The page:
Cognitive Vulnerability to Depression

Gordon Parker

The authors overview existing theories and research addressing cognitive vulnerabilities to depression. Models include Bowlby's development of Adler's hypothesis that anomalies in early attachment (especially uncaring and/or overprotective parents) generate internal working models or cognitive ‘ schema’ that negatively shape processing and interpretation of interpersonal interactions, so inducing and/or maintaining depression. To most clinical psychiatrists, schema models are intuitively appealing, both seemingly confirmed by many patients' reports of their core beliefs as well as allowing common sense therapeutic application. As a consequence, many psychologists and psychiatrists run the theory up the clinical flag pole every day of their professional lives — and despite increasing questioning about the efficacy of cognitive—behavioural therapy (King, 1998).

There is, however, a problem. The theory, not for the first time in the history of psychiatry, resists empirical confirmation. If, as many cognitive therapists have claimed, negative schema are latent constructs intrinsic to those who develop depression and activated by key life events (particularly ones that mirror early adverse events), certain consequences should follow. Some can be noted.

First, prospective studies of those with or without negative cognitive schema should predict onset of depression in the former group when mirroring life event stressors are experienced — a specificity model. Such studies do not appear to have been conducted.

Second, patients with depression in remission should, when ‘ mood-primed’, differ from subjects who are not depressed by the evidence of dysfunctional cognitive patterns. While generally confirmed, such findings do not establish the existence of cognitive schema — as such patterns could equally be a consequence of the state mood disturbance. Third, any such mood-priming should induce consistent schema, an issue apparently not pursued by researchers.

Fourth, returning to the Bowlby hypothesis, if certain parenting behaviours dispose to depression, recall of those behaviours might be expected to identify cognitive vulnerabilities, and the authors note an interesting priming strategy (use of the Parental Bonding Instrument) offering some preliminary support.

Most importantly, patients with depression should, when euthymic, be more likely than subjects who have never suffered from depression to show evidence of ongoing cognitive vulnerabilities. The authors consider the now very large bank of such studies which, almost without exception, fail to reveal such differences. This could reflect over-reliance on two measures which may or may not measure core beliefs and schemas — the Dysfunctional Attitude Scale and the Automatic Thoughts Questionnaire. If not reflecting methodological limitations, and such schema are only evident when an individual is depressed, it is hard to argue for their status as vulnerability factors. The rule of parsimony might then argue for ‘schema’ as more reflecting state nuances of a depressed mood, a possibility conceded by the authors but rather unconvincingly rejected. Thus, they dismiss a significant challenge to the cognitive Zeitgeist with the ex cathedra statement that there exists “compelling theory and research suggesting that there are important cognitive factors at work in the onset and maintenance of depression” (p. 66). This trifecta of faith, hope and charity is akin to arguing that the Emperor cannot be regarded as naked as he has a large wardrobe at home. Thus, cognitive schema currently appear to have a ‘ ghost in the machine’ status. Schemas, formulated as being ‘ dormant’ or ‘latent’, thus occupy a position which allows a range of explanations for their ‘now you see them, now you don’t' status, and which risks being all explanatory. Is it not time for definitive proof of their status or conceptual repositioning — at least as vulnerability factors to depression? Perhaps they have greater relevance to the anxiety and personality disorders rather than to the depressive disorders. If not, why not?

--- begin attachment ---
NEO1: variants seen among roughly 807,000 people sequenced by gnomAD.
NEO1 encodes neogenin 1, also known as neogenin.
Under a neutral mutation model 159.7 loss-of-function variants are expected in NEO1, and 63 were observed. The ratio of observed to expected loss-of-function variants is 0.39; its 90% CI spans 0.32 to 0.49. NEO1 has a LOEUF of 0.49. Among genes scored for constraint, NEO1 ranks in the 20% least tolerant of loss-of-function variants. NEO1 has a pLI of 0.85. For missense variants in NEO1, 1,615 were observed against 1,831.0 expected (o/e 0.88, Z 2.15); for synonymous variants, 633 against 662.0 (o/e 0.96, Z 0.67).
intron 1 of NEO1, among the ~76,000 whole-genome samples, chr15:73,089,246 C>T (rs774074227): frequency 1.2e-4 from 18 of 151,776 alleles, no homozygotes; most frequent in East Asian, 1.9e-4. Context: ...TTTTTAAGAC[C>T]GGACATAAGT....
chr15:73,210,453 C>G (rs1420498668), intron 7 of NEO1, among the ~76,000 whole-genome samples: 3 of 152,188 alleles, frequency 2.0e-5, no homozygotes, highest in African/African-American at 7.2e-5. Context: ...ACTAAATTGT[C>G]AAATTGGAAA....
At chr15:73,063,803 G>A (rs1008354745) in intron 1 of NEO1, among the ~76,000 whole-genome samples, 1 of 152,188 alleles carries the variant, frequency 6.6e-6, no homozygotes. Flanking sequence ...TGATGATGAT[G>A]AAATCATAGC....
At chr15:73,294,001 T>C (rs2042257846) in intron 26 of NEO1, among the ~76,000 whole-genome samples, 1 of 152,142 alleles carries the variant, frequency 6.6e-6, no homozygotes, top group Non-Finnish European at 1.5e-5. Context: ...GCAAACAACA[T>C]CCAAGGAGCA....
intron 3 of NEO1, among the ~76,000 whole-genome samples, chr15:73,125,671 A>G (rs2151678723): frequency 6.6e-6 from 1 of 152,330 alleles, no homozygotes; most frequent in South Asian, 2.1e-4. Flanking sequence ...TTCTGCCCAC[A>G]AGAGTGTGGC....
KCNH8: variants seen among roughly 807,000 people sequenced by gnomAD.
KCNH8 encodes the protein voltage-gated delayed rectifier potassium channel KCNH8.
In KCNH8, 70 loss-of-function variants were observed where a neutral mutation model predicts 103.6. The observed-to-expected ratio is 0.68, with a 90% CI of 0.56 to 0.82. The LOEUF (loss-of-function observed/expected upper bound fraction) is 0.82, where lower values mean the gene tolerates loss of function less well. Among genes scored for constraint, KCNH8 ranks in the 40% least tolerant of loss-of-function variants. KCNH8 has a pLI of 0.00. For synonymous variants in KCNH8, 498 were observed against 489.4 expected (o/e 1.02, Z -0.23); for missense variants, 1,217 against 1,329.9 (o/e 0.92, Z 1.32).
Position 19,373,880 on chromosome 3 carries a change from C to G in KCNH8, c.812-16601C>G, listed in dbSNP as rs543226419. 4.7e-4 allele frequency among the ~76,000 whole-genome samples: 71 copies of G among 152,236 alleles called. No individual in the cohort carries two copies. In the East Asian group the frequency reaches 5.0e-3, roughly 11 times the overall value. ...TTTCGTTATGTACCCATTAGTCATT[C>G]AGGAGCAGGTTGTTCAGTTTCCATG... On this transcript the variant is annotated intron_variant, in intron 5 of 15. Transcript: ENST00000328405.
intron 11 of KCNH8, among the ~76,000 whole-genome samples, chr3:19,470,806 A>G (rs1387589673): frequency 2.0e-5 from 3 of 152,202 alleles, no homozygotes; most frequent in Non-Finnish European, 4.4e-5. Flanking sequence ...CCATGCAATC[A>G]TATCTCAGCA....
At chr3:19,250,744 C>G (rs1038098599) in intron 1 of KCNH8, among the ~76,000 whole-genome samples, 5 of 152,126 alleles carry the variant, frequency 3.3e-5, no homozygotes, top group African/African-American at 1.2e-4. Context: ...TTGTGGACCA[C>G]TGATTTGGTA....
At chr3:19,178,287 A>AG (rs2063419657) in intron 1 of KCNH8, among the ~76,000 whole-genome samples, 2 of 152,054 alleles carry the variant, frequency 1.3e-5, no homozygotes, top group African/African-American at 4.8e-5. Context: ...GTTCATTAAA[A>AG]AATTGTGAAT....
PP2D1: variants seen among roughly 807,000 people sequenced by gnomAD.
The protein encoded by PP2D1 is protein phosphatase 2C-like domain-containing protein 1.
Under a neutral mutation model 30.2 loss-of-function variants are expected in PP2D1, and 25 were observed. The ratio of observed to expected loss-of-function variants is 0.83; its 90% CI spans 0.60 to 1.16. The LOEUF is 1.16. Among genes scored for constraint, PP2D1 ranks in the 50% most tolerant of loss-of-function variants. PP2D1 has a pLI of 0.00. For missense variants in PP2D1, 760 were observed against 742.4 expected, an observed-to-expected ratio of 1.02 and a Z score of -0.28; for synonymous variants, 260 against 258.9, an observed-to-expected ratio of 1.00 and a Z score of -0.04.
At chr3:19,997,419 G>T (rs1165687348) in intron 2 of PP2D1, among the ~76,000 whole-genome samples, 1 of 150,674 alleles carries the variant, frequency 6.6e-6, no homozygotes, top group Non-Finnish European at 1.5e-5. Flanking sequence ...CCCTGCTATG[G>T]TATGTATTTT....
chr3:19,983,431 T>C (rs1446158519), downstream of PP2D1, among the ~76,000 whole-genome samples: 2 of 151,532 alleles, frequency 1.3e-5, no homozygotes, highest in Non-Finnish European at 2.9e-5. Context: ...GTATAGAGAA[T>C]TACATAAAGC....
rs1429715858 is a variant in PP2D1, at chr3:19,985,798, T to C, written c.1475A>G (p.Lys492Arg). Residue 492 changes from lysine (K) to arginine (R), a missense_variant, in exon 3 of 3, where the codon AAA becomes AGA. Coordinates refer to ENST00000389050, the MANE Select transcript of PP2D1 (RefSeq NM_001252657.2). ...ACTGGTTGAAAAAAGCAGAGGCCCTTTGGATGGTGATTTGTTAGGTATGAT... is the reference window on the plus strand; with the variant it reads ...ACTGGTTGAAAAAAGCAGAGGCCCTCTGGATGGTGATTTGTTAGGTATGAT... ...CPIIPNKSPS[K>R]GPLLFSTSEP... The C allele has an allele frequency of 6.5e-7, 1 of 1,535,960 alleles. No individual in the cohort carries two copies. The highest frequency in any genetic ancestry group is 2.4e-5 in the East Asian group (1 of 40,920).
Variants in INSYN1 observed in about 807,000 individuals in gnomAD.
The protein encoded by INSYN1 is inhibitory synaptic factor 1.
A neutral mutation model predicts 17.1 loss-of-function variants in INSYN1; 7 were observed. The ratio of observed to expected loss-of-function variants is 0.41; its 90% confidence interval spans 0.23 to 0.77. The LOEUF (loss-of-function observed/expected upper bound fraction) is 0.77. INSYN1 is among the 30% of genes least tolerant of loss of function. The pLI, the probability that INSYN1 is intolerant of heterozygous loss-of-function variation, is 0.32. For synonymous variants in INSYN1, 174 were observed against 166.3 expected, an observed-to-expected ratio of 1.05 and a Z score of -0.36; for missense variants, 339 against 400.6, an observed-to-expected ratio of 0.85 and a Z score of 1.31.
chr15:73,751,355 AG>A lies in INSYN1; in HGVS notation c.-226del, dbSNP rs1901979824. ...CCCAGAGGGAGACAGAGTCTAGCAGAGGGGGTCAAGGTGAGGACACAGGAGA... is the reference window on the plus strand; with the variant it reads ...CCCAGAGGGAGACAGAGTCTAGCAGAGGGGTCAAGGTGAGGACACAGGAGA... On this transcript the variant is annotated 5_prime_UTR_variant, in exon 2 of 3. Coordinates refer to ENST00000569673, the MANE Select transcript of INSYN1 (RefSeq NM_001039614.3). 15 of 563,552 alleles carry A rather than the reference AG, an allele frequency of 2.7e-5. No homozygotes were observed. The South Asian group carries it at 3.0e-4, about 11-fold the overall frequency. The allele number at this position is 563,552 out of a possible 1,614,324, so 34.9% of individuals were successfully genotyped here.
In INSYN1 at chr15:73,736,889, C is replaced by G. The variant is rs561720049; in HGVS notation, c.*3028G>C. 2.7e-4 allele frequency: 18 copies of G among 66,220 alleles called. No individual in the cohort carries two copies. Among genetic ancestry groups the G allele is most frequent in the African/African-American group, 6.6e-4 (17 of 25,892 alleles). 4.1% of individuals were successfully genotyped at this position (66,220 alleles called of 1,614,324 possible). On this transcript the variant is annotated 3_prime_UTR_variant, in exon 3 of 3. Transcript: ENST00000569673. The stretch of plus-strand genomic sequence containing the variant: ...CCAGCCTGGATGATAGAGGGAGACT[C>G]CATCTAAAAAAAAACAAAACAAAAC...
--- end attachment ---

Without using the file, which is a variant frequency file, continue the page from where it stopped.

The authors assume that their readers have no knowledge base — at least about depression, cognitive schema, model-testing paradigms or the applied studies. Therefore, this is an excellent reference for students seeking such a primer and a review of the field, but somewhat frustrating to those who have followed the field and who will be impatient for the authors to cut to the chase. The authors impress as ‘true believers’; somewhat mystified by the lack of confirmatory research. Rightly so. While this book seeks to inform, its careful preparation raises more questions than answers. That is a noble outcome for an academic product, and worthy of being applauded.